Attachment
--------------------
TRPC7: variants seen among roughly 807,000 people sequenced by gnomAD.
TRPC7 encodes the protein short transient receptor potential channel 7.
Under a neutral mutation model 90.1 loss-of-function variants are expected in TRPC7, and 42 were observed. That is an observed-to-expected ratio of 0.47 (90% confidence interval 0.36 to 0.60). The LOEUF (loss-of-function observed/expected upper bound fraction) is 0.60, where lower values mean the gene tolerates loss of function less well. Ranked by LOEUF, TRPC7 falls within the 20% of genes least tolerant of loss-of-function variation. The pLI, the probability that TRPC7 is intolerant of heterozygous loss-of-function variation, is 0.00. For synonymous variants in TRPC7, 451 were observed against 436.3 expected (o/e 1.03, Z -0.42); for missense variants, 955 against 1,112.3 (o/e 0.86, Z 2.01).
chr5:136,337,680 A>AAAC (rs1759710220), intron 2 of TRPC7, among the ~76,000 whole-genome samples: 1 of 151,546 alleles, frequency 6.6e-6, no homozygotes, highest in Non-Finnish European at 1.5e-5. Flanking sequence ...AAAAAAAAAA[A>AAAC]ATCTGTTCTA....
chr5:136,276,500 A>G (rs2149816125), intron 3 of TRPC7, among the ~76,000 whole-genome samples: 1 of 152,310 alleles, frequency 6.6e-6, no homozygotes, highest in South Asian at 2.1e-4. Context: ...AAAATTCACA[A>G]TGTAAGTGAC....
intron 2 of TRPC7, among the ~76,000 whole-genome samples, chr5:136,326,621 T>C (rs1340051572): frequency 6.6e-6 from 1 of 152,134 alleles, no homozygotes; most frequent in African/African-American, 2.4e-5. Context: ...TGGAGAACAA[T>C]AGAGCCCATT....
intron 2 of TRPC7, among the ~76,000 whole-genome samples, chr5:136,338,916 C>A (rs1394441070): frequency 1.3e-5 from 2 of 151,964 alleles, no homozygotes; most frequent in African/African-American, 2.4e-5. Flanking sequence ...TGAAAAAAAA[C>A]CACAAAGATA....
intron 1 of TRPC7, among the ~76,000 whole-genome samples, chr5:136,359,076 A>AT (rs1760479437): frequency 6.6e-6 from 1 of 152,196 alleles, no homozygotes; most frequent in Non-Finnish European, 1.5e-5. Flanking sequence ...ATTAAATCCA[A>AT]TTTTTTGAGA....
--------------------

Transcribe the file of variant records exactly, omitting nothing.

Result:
TRPC7: variants seen among roughly 807,000 people sequenced by gnomAD.
TRPC7 encodes the protein short transient receptor potential channel 7.
Under a neutral mutation model 90.1 loss-of-function variants are expected in TRPC7, and 42 were observed. That is an observed-to-expected ratio of 0.47 (90% confidence interval 0.36 to 0.60). The LOEUF (loss-of-function observed/expected upper bound fraction) is 0.60, where lower values mean the gene tolerates loss of function less well. Ranked by LOEUF, TRPC7 falls within the 20% of genes least tolerant of loss-of-function variation. The pLI, the probability that TRPC7 is intolerant of heterozygous loss-of-function variation, is 0.00. For synonymous variants in TRPC7, 451 were observed against 436.3 expected (o/e 1.03, Z -0.42); for missense variants, 955 against 1,112.3 (o/e 0.86, Z 2.01).
chr5:136,337,680 A>AAAC (rs1759710220), intron 2 of TRPC7, among the ~76,000 whole-genome samples: 1 of 151,546 alleles, frequency 6.6e-6, no homozygotes, highest in Non-Finnish European at 1.5e-5. Flanking sequence ...AAAAAAAAAA[A>AAAC]ATCTGTTCTA....
chr5:136,276,500 A>G (rs2149816125), intron 3 of TRPC7, among the ~76,000 whole-genome samples: 1 of 152,310 alleles, frequency 6.6e-6, no homozygotes, highest in South Asian at 2.1e-4. Context: ...AAAATTCACA[A>G]TGTAAGTGAC....
intron 2 of TRPC7, among the ~76,000 whole-genome samples, chr5:136,326,621 T>C (rs1340051572): frequency 6.6e-6 from 1 of 152,134 alleles, no homozygotes; most frequent in African/African-American, 2.4e-5. Context: ...TGGAGAACAA[T>C]AGAGCCCATT....
intron 2 of TRPC7, among the ~76,000 whole-genome samples, chr5:136,338,916 C>A (rs1394441070): frequency 1.3e-5 from 2 of 151,964 alleles, no homozygotes; most frequent in African/African-American, 2.4e-5. Flanking sequence ...TGAAAAAAAA[C>A]CACAAAGATA....
intron 1 of TRPC7, among the ~76,000 whole-genome samples, chr5:136,359,076 A>AT (rs1760479437): frequency 6.6e-6 from 1 of 152,196 alleles, no homozygotes; most frequent in Non-Finnish European, 1.5e-5. Flanking sequence ...ATTAAATCCA[A>AT]TTTTTTGAGA....